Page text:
INJIDUP NATURAL SPA NIGHT PHOTOGRAPHY

INJIDUP NATURAL SPA NIGHT PHOTOGRAPHY

This image of Comet Leonard over the natural spa pool at Injidup is from my first attempt at shooting the night sky. I noticed this amazing comet some days earlier on Christmas night when sitting outside at the in-law's farm looking at the stars. At first I couldn’t believe my eyes, Santa?! It was huge!   

A week or two later and I was invited by my friend Chris, a bonafide space guru it turns out, to go and try to capture an image of Comet Leonard. I certainly did’t nail the shoot, but I did learn a lot. If you look in the gap between the rocks on the right hand side of the frame you will see the comet. It was much bigger when I first saw it so its a shame I didn’t act more quickly. Still, it's beautiful! I certainly could have picked an easier starting point for my night sky photography journey.

You forget how much Australia comes alive at night. Not just the stars, but the animals too. I saw so many critters over the course of the night, including a large spider that kept shooting its web onto my kit. You know it's a "real" long exposure when you have a spider making webs on your tripod! That was just one of the challenges we faced. 

Firstly, we came across a large tiger snake that was out on the road. It was a very handsome snake but a little unnerving that it was out in the same patch that we were. Then I saw the eyes of a fox as we scrambled over the steep craggy rocks in the dark, and much later some Kangaroos. The swell was also unexpectedly large, meaning that you had to watch your back when down near the spa pool, but it was also throwing salty spray all over our gear. Finally, my camera settings were frustrating me to no end, which was compounded by the darkness and the spider trying to set up shop on my tripod. Turns out I had my shutter release cable locked on continuous shooting! Argh. BUT, it was beautiful.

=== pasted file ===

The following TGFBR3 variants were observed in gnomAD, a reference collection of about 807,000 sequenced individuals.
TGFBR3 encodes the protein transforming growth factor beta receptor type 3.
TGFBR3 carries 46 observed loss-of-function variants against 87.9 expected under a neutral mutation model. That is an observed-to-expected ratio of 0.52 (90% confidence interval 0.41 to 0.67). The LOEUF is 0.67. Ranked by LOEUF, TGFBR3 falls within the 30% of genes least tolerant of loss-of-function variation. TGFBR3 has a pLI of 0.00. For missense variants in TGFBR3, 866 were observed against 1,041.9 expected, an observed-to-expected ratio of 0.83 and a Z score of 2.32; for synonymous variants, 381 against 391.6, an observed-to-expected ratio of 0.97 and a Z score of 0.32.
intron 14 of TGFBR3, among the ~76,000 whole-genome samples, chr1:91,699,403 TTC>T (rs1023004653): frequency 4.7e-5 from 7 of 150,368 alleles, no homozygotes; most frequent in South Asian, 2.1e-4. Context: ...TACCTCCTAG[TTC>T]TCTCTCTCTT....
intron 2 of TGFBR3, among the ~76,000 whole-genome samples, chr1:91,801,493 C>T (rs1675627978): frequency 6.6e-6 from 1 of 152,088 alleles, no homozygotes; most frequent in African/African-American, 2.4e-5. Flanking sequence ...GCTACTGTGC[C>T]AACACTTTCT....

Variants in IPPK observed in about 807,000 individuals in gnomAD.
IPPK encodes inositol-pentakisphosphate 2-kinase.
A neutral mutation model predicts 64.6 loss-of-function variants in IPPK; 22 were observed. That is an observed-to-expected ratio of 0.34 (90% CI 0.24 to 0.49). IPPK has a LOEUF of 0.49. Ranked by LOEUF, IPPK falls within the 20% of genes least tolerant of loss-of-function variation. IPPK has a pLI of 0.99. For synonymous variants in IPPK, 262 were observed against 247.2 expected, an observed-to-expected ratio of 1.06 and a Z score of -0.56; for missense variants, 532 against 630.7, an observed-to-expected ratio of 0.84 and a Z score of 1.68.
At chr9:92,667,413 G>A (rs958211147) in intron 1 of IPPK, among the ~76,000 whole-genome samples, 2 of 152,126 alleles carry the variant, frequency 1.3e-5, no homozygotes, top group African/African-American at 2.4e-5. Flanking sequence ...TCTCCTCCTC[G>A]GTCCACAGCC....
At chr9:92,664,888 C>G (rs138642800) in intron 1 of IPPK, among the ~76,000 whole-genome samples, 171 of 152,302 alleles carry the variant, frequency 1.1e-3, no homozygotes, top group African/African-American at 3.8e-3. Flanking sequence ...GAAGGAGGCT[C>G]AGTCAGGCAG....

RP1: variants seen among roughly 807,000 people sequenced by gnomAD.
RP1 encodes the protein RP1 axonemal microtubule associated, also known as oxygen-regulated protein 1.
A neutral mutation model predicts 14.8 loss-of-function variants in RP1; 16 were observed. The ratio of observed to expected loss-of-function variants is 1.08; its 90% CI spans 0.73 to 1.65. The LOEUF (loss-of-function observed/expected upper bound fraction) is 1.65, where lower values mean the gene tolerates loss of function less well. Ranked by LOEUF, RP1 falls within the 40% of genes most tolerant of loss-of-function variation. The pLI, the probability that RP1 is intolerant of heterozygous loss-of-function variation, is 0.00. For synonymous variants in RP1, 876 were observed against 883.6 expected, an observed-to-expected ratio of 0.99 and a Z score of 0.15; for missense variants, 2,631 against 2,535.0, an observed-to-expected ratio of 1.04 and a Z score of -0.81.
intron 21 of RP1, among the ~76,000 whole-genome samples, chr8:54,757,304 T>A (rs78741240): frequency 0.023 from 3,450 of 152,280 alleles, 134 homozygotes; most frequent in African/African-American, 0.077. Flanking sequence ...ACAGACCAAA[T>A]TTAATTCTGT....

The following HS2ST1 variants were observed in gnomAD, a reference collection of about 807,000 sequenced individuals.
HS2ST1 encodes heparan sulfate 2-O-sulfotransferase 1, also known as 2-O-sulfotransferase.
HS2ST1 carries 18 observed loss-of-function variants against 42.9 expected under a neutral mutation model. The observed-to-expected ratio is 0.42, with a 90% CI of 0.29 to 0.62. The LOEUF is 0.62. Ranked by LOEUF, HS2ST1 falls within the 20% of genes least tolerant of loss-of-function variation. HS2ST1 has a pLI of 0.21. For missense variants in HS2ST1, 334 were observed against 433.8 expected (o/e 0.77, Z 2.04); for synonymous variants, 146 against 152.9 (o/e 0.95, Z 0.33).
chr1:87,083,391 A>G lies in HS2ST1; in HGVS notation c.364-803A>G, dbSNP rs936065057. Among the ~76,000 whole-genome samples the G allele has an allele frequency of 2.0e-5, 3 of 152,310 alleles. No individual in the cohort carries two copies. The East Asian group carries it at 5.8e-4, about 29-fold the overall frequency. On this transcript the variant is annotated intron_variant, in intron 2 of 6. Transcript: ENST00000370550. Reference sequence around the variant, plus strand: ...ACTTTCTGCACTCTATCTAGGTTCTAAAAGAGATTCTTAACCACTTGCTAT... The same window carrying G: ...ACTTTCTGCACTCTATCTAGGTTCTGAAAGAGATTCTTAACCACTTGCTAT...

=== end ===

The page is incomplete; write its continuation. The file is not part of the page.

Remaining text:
We had low levels of light pollution and as such a lovely view of the stars. The cherry on top? A meteor shower, apparently a fairly rare and impressive one, not to mention the comet proper. We saw some beauties! I was shooting 10 second exposures wide open (or f/2) on the Nikon Z 7 and Nikkor Z 35mm f/1.8 S. It was quite challenging manually focusing in the dark, but I ended up doing a sufficient job. Chris had a few lights set up as well which helped to illuminate the foreground. I was planning on merging several exposures into one image but I ended up going with the image shown above, which is a single take. 

In all it was a fun experience and I learnt some good lessons. No doubt my skills and results will improve with practice. That I avoided being hit by a wave, meteor, of some kind of wild animal makes it a win.

Happy new year!

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